A group of women have launched a class action against the Australian Health Practitioner Regulation Agency (AHPRA) and other targets after it was found that an anesthetist may have been responsible for spreading an infectious disease.
It has been confirmed that as many as 50 women who attended the Croydon House Day Surgery when it was in operation wound up contracting a form of hepatitis C.
Subsequent investigations pointed to anesthetist Dr James Latham Peters, who those looking into the matter have found was aware of his condition for at least ten years.
The case itself is seeking payments for the pain and suffering, medical expenses and loss of income that the victims have experienced since becoming infected with the disease.
According to reports, the group alleged that the AHPRA failed in its duty to ensure the safety of patients at the clinic in question – making it the first time that the agency has been included in this kind of action.
Medical negligence lawyers are able to review cases like these in order to determine who may have been involved in the incident concerned and whether it is worth the time and expense to pursue a particular case.
This class action is also taking legislative measures against Dr Mark Schulberg who was the director of Croydon House Day Surgery at the time the procedures allegedly took place.
Naturally, Dr Peters is also included in the scope of the case, with the participants alleging that he is the common source of the hepatitis C outbreak.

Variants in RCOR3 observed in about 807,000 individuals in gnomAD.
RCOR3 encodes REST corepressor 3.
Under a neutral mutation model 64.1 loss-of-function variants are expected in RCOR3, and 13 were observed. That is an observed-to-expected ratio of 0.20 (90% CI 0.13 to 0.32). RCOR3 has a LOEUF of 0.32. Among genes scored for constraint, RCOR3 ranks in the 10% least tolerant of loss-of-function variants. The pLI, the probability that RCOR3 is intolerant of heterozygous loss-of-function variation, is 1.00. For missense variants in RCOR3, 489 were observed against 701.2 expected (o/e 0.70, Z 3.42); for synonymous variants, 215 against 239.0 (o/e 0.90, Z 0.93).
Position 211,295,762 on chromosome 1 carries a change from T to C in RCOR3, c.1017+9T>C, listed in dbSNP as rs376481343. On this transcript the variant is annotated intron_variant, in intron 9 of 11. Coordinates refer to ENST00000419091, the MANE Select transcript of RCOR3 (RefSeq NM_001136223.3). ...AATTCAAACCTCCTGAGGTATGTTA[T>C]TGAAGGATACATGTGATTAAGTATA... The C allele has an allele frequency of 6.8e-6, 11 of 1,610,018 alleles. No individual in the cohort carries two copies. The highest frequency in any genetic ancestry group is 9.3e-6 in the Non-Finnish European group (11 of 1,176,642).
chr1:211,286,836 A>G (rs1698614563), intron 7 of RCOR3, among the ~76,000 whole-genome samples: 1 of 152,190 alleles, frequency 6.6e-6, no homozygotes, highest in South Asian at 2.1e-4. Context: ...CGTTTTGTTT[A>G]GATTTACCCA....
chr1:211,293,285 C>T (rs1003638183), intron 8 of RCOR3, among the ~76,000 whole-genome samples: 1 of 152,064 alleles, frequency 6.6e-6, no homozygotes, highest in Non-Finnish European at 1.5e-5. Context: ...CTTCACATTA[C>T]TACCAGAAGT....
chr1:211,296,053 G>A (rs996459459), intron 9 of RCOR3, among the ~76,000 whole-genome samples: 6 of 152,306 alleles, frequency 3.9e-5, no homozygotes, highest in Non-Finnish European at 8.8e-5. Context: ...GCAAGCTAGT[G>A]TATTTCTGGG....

Evidence compiled by the Victorian Department of Human Services (DHS) has been said to show that the anesthetist is the original point of contact for all the victims found with the disease.
In 2010 Dr John Carnie from the DHS found a number of cases were linked to the Croydon facility – with further investigations showing that the genetic code of the virus were too similar to have come from separate sources.
Talking to independent Australian magazine The Monthly back in August 2010, Dr Carnie explained why he initially chose to take his findings to the police.
The professional medical investigator asserted: "I could not think of any way that could be done by accident, and without some strange behaviour."
Dr Carnie went on to say that a range of "legitimate issues" needed to be discussed in relation to the case – including whether or not AHPRA could have done more to protect the interests of the clinic's patients.